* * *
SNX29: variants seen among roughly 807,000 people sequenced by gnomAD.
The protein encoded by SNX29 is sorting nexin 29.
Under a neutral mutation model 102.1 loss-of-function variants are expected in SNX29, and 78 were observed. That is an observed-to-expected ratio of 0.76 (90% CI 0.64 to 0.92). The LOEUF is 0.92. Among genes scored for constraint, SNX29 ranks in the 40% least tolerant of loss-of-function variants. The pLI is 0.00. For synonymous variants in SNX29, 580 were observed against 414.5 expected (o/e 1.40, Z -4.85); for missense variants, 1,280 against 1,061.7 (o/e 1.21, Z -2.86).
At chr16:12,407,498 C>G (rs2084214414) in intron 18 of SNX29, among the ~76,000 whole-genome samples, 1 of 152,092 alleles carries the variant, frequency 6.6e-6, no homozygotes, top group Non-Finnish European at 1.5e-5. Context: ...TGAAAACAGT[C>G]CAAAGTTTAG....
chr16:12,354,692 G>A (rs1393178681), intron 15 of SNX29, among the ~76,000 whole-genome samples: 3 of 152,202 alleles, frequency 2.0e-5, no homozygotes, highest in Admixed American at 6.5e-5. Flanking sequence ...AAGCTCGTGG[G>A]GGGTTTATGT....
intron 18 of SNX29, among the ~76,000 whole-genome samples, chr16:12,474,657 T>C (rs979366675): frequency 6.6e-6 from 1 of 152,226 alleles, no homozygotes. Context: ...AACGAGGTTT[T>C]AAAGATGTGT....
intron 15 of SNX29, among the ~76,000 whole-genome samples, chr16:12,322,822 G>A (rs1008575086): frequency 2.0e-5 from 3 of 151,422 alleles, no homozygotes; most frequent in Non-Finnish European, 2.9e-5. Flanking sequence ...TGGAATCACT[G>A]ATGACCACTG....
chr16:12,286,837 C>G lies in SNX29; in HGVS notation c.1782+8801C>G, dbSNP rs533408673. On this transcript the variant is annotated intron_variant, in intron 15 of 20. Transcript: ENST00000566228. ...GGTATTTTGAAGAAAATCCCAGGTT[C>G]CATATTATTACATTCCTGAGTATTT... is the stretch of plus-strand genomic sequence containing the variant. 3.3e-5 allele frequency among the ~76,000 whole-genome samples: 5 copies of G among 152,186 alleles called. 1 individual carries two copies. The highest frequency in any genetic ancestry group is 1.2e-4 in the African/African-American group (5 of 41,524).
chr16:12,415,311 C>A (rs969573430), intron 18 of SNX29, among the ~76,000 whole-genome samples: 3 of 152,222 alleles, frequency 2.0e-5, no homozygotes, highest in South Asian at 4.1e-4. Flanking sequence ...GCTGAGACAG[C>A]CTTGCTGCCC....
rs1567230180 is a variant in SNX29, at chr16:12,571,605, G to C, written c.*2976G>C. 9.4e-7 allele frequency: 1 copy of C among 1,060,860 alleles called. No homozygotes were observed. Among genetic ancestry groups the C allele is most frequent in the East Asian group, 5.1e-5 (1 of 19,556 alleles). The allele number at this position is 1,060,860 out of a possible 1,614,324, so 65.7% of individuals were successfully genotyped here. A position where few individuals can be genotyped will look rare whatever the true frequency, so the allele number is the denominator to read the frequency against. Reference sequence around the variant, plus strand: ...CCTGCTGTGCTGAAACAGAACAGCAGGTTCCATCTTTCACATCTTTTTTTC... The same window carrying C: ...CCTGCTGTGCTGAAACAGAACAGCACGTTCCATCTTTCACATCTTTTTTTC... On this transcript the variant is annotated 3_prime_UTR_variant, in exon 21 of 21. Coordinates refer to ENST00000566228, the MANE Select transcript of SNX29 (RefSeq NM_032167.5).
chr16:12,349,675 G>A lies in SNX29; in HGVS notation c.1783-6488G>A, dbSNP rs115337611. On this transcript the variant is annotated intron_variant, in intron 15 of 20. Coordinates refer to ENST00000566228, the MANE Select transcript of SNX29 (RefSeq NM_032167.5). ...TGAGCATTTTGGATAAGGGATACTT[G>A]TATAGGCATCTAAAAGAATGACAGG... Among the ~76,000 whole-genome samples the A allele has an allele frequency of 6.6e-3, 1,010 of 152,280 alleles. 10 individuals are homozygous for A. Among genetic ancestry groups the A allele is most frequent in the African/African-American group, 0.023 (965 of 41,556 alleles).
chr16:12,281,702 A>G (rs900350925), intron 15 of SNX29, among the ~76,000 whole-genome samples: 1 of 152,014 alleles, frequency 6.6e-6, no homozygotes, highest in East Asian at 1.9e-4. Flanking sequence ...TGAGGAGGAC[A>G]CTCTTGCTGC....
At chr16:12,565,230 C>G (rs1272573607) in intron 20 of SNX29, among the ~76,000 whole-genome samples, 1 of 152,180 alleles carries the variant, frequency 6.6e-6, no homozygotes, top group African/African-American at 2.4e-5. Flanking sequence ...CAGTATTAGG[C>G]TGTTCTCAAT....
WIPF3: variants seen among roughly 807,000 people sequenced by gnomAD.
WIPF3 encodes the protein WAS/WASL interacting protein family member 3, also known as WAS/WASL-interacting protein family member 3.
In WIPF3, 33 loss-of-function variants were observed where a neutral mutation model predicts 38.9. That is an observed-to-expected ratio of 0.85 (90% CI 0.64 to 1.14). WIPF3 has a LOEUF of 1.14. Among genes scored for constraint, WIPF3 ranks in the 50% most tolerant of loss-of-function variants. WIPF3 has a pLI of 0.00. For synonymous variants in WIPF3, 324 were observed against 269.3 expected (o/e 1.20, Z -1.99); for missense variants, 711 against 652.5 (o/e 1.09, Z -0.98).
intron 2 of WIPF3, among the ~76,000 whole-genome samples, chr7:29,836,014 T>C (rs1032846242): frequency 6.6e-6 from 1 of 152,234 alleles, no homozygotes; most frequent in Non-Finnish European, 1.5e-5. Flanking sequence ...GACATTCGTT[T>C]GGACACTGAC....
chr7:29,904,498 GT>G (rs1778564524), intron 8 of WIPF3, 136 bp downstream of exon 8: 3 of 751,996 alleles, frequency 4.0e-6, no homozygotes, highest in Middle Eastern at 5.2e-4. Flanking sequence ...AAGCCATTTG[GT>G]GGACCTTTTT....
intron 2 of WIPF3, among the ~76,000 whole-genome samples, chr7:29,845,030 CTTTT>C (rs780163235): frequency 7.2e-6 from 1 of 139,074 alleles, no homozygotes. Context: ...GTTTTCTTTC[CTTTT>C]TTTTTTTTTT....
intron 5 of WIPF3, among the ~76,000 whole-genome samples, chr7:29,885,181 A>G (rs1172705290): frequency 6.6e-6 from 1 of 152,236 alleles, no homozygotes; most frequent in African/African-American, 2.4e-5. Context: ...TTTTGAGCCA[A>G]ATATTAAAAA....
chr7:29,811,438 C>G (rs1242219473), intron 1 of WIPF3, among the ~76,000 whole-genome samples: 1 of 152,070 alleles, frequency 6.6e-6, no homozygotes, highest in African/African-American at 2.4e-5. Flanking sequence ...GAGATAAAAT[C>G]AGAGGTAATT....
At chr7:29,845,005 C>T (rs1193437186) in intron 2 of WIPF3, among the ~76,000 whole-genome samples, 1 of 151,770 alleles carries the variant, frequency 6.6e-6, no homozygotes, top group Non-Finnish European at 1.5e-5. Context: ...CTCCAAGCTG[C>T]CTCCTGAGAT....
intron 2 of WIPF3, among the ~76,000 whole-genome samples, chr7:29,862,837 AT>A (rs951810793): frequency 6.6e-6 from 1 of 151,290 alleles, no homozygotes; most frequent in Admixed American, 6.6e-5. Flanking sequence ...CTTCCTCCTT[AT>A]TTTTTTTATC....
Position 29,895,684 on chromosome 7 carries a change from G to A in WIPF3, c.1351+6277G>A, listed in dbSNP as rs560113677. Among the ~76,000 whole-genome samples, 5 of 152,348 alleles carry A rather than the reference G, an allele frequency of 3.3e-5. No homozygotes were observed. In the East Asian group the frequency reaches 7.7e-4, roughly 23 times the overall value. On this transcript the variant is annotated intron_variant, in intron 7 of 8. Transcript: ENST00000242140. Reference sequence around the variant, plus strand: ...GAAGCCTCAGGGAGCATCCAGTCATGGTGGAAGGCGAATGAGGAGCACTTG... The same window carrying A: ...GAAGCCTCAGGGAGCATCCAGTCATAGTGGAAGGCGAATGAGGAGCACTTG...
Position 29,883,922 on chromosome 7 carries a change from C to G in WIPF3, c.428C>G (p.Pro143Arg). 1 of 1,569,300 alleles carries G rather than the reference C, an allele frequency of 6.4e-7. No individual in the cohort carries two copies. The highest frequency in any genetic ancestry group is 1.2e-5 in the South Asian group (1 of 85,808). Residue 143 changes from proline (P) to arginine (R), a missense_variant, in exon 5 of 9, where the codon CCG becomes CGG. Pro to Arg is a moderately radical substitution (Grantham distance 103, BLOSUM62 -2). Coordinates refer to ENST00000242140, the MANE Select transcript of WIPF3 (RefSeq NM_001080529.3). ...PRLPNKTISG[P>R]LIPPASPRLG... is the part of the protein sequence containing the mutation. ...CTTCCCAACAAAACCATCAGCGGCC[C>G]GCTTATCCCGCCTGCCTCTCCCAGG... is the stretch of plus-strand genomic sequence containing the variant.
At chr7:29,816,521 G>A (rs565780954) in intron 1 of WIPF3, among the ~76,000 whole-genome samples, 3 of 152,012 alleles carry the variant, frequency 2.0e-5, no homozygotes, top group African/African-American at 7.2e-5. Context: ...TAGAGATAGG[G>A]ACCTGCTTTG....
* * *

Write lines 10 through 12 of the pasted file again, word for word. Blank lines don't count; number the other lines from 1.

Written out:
rs1567230180 is a variant in SNX29, at chr16:12,571,605, G to C, written c.*2976G>C. 9.4e-7 allele frequency: 1 copy of C among 1,060,860 alleles called. No homozygotes were observed. Among genetic ancestry groups the C allele is most frequent in the East Asian group, 5.1e-5 (1 of 19,556 alleles). The allele number at this position is 1,060,860 out of a possible 1,614,324, so 65.7% of individuals were successfully genotyped here. A position where few individuals can be genotyped will look rare whatever the true frequency, so the allele number is the denominator to read the frequency against. Reference sequence around the variant, plus strand: ...CCTGCTGTGCTGAAACAGAACAGCAGGTTCCATCTTTCACATCTTTTTTTC... The same window carrying C: ...CCTGCTGTGCTGAAACAGAACAGCACGTTCCATCTTTCACATCTTTTTTTC... On this transcript the variant is annotated 3_prime_UTR_variant, in exon 21 of 21. Coordinates refer to ENST00000566228, the MANE Select transcript of SNX29 (RefSeq NM_032167.5).
chr16:12,349,675 G>A lies in SNX29; in HGVS notation c.1783-6488G>A, dbSNP rs115337611. On this transcript the variant is annotated intron_variant, in intron 15 of 20. Coordinates refer to ENST00000566228, the MANE Select transcript of SNX29 (RefSeq NM_032167.5). ...TGAGCATTTTGGATAAGGGATACTT[G>A]TATAGGCATCTAAAAGAATGACAGG... Among the ~76,000 whole-genome samples the A allele has an allele frequency of 6.6e-3, 1,010 of 152,280 alleles. 10 individuals are homozygous for A. Among genetic ancestry groups the A allele is most frequent in the African/African-American group, 0.023 (965 of 41,556 alleles).
chr16:12,281,702 A>G (rs900350925), intron 15 of SNX29, among the ~76,000 whole-genome samples: 1 of 152,014 alleles, frequency 6.6e-6, no homozygotes, highest in East Asian at 1.9e-4. Flanking sequence ...TGAGGAGGAC[A>G]CTCTTGCTGC....